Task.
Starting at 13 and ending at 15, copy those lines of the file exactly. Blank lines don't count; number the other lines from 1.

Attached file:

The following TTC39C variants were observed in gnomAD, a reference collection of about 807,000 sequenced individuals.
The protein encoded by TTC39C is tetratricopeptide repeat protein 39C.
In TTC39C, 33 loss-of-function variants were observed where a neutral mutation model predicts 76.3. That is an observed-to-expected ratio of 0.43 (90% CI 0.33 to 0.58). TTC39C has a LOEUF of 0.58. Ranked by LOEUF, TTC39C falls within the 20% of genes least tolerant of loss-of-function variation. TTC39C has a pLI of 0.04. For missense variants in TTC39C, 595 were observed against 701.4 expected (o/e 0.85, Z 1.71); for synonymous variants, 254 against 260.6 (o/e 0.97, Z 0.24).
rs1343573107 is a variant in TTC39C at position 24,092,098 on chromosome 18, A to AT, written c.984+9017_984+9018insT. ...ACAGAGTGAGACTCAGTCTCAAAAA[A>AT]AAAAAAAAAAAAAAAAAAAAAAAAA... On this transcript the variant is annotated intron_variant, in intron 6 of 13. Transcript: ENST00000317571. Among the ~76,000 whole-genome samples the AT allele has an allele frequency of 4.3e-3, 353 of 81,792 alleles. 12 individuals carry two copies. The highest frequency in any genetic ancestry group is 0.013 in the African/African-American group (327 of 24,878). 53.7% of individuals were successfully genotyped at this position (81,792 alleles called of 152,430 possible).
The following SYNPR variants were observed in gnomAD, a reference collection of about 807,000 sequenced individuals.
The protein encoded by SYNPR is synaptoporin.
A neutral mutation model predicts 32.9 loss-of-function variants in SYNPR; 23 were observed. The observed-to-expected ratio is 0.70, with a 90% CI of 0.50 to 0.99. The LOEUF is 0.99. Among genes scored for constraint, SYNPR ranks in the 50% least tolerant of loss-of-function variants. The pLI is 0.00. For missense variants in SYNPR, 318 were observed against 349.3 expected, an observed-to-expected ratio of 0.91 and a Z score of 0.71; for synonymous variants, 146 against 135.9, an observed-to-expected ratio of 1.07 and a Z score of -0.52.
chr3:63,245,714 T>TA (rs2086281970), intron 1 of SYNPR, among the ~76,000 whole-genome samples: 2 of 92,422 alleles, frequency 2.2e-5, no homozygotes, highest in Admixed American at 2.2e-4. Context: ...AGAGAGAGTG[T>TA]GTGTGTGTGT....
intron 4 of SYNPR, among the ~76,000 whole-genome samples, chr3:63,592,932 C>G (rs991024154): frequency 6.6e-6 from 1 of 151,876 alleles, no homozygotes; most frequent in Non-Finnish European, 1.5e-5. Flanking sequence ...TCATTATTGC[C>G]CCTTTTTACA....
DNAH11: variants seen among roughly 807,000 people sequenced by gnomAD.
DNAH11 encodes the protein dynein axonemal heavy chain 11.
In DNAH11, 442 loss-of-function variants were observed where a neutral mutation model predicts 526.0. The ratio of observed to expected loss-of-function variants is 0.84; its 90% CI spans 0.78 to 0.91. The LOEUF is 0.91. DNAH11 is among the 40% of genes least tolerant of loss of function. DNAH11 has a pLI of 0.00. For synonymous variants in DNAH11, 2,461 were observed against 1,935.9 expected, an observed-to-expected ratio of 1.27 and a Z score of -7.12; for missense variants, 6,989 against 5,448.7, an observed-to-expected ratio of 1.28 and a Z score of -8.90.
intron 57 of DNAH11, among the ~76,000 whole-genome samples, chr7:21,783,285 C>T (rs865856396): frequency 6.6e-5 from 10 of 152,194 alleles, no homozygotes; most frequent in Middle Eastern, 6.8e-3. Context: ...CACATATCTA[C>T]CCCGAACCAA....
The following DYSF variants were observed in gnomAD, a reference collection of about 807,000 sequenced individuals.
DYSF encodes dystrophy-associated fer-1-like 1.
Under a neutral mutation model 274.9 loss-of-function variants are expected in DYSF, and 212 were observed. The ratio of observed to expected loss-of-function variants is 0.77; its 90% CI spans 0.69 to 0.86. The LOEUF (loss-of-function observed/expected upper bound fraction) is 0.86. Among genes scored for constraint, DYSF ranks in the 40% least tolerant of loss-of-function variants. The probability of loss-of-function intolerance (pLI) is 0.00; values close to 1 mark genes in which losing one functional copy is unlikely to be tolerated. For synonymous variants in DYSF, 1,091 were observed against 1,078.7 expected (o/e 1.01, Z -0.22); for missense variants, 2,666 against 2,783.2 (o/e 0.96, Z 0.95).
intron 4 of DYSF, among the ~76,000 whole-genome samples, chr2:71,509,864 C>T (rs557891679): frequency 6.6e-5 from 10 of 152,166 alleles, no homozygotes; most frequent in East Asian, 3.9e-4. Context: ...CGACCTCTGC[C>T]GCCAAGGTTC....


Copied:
intron 57 of DNAH11, among the ~76,000 whole-genome samples, chr7:21,783,285 C>T (rs865856396): frequency 6.6e-5 from 10 of 152,194 alleles, no homozygotes; most frequent in Middle Eastern, 6.8e-3. Context: ...CACATATCTA[C>T]CCCGAACCAA....
The following DYSF variants were observed in gnomAD, a reference collection of about 807,000 sequenced individuals.
DYSF encodes dystrophy-associated fer-1-like 1.